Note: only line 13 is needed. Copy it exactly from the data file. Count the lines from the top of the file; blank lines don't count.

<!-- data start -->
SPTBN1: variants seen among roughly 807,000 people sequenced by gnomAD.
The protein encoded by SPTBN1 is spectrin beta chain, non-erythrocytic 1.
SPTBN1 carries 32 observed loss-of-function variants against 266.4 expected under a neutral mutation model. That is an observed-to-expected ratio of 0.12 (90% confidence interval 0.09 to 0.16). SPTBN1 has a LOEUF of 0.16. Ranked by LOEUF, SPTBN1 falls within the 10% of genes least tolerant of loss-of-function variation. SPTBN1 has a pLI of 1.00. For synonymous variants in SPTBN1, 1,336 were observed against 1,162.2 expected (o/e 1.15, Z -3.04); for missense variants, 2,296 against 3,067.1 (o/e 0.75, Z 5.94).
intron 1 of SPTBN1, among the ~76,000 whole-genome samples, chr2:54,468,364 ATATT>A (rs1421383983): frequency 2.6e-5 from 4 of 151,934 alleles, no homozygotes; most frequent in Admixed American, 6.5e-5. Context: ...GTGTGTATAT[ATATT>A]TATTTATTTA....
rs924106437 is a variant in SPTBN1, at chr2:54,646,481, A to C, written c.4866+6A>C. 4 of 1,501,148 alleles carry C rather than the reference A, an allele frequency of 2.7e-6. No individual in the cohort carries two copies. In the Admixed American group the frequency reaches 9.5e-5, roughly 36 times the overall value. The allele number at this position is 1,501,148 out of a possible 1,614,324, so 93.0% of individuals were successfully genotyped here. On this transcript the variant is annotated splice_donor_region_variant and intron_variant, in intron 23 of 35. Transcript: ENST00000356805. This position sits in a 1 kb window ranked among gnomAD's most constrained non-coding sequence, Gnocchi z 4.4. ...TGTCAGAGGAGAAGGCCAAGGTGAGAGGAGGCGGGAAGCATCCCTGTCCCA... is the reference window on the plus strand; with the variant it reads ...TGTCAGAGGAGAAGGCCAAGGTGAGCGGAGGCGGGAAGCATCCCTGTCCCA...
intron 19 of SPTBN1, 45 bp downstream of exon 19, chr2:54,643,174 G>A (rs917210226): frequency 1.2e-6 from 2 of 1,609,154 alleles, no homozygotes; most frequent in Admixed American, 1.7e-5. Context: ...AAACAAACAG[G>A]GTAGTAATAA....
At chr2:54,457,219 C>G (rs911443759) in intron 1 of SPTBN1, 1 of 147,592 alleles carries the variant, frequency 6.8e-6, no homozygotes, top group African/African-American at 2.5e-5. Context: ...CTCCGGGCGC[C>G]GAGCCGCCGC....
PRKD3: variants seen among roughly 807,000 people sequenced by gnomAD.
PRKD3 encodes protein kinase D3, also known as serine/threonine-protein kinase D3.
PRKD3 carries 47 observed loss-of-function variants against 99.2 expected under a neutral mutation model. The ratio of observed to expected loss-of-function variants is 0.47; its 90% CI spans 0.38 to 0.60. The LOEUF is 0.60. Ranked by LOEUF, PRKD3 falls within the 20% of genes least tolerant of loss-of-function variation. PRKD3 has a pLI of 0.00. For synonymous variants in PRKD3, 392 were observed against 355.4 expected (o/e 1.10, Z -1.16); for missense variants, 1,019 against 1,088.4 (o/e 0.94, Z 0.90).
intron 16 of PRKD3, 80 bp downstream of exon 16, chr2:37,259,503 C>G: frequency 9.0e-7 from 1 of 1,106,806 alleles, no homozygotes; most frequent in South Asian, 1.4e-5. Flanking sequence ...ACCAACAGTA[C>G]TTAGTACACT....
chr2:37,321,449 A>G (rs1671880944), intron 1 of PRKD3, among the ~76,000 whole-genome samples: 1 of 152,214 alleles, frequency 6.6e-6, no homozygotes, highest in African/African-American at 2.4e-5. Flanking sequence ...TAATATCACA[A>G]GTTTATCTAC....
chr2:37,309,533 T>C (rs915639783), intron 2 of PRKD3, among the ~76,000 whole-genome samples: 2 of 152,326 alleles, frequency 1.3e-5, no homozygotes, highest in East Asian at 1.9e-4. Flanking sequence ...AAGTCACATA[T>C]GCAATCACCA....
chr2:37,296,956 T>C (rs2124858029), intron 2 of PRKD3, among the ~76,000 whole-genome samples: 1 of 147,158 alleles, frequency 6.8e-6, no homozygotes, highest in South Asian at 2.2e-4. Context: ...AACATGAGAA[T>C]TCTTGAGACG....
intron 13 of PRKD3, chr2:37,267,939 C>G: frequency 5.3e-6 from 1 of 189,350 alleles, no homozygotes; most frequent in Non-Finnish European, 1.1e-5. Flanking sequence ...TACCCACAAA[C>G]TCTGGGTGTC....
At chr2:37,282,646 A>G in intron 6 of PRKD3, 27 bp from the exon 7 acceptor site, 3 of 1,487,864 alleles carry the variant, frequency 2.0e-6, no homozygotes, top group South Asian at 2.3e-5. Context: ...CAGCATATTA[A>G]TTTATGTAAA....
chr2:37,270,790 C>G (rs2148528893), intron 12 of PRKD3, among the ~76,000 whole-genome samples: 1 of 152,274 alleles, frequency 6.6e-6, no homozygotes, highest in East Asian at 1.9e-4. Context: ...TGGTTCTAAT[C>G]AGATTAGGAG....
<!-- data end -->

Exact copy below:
chr2:37,309,533 T>C (rs915639783), intron 2 of PRKD3, among the ~76,000 whole-genome samples: 2 of 152,326 alleles, frequency 1.3e-5, no homozygotes, highest in East Asian at 1.9e-4. Flanking sequence ...AAGTCACATA[T>C]GCAATCACCA....